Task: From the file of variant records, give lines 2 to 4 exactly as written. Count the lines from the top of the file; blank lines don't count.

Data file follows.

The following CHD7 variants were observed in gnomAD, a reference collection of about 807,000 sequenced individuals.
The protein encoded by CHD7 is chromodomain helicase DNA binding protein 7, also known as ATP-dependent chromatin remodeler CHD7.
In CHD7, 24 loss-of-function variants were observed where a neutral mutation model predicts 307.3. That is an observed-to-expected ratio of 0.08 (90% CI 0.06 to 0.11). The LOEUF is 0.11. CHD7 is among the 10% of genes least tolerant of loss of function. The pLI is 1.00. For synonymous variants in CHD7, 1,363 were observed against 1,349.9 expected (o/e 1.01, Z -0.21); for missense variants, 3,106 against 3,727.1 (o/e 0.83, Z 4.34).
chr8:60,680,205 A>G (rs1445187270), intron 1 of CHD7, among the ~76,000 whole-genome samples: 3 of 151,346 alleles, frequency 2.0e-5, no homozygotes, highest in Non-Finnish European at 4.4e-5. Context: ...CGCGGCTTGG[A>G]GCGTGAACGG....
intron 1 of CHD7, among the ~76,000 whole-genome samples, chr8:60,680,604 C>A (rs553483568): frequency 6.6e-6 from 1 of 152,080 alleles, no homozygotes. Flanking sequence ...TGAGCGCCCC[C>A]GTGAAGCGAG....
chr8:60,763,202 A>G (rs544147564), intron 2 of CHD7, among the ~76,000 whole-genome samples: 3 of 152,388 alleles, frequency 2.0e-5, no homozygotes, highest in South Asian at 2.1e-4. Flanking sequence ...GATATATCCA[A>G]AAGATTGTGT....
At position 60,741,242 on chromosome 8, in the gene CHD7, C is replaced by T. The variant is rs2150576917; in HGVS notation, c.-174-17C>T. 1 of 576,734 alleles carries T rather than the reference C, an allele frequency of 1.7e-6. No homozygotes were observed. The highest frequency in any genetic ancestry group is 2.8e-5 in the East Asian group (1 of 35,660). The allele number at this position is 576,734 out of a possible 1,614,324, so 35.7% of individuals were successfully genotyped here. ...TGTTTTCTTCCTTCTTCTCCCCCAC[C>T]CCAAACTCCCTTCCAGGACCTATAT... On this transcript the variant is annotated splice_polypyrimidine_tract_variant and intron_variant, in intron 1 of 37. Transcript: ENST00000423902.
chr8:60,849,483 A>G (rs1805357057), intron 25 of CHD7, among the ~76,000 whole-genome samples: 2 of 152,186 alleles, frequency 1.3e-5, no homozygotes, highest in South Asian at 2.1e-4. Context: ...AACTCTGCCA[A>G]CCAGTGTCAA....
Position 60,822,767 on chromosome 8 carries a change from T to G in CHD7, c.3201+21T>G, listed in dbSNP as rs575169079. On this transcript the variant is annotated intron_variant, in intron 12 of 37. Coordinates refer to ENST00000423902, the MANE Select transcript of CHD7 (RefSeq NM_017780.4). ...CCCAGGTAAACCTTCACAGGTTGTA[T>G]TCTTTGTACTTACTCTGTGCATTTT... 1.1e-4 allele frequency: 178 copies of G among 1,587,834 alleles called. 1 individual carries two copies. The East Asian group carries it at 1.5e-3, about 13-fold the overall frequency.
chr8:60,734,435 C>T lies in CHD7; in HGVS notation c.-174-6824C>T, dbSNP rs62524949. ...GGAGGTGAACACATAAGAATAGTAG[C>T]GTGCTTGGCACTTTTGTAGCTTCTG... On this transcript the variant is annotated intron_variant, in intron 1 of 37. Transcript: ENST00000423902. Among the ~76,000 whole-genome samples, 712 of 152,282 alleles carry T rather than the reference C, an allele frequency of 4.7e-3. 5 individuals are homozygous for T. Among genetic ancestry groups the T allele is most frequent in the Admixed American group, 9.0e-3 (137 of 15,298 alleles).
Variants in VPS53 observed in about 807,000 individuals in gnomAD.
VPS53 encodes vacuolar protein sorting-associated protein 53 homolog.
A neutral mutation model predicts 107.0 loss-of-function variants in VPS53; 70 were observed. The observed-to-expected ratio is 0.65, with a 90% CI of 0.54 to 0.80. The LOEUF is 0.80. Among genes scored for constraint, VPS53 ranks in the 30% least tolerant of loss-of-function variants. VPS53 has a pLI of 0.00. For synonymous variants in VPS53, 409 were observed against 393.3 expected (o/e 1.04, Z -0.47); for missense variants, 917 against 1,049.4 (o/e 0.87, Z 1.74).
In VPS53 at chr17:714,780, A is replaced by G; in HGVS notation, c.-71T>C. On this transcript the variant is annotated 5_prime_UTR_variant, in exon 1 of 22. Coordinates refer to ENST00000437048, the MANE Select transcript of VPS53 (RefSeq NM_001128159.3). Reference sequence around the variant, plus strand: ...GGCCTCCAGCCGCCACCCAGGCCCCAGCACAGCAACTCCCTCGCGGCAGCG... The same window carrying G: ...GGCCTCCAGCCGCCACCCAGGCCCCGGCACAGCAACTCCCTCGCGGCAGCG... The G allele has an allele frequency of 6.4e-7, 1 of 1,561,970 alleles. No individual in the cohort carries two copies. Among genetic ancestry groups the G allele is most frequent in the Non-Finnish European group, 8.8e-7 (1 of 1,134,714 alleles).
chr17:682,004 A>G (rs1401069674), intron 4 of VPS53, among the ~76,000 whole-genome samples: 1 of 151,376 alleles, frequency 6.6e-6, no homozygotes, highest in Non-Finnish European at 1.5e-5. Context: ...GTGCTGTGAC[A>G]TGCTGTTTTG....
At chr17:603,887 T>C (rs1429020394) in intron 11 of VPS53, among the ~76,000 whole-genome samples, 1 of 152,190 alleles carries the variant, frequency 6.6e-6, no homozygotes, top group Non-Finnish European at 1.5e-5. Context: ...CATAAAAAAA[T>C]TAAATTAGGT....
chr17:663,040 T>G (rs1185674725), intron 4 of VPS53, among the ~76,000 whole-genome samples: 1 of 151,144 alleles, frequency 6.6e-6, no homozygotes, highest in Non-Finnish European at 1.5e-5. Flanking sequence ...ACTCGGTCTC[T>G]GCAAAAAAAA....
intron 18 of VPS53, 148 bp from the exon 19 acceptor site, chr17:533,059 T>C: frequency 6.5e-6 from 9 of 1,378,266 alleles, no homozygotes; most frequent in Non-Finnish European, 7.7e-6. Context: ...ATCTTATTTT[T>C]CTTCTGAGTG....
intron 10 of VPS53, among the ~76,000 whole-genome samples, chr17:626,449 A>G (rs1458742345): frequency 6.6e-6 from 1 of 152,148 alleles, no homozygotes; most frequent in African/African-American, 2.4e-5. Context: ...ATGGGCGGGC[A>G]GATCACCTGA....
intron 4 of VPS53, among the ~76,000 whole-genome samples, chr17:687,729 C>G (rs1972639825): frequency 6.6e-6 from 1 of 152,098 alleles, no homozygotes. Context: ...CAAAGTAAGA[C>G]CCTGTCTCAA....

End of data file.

The protein encoded by CHD7 is chromodomain helicase DNA binding protein 7, also known as ATP-dependent chromatin remodeler CHD7.
In CHD7, 24 loss-of-function variants were observed where a neutral mutation model predicts 307.3. That is an observed-to-expected ratio of 0.08 (90% CI 0.06 to 0.11). The LOEUF is 0.11. CHD7 is among the 10% of genes least tolerant of loss of function. The pLI is 1.00. For synonymous variants in CHD7, 1,363 were observed against 1,349.9 expected (o/e 1.01, Z -0.21); for missense variants, 3,106 against 3,727.1 (o/e 0.83, Z 4.34).
chr8:60,680,205 A>G (rs1445187270), intron 1 of CHD7, among the ~76,000 whole-genome samples: 3 of 151,346 alleles, frequency 2.0e-5, no homozygotes, highest in Non-Finnish European at 4.4e-5. Context: ...CGCGGCTTGG[A>G]GCGTGAACGG....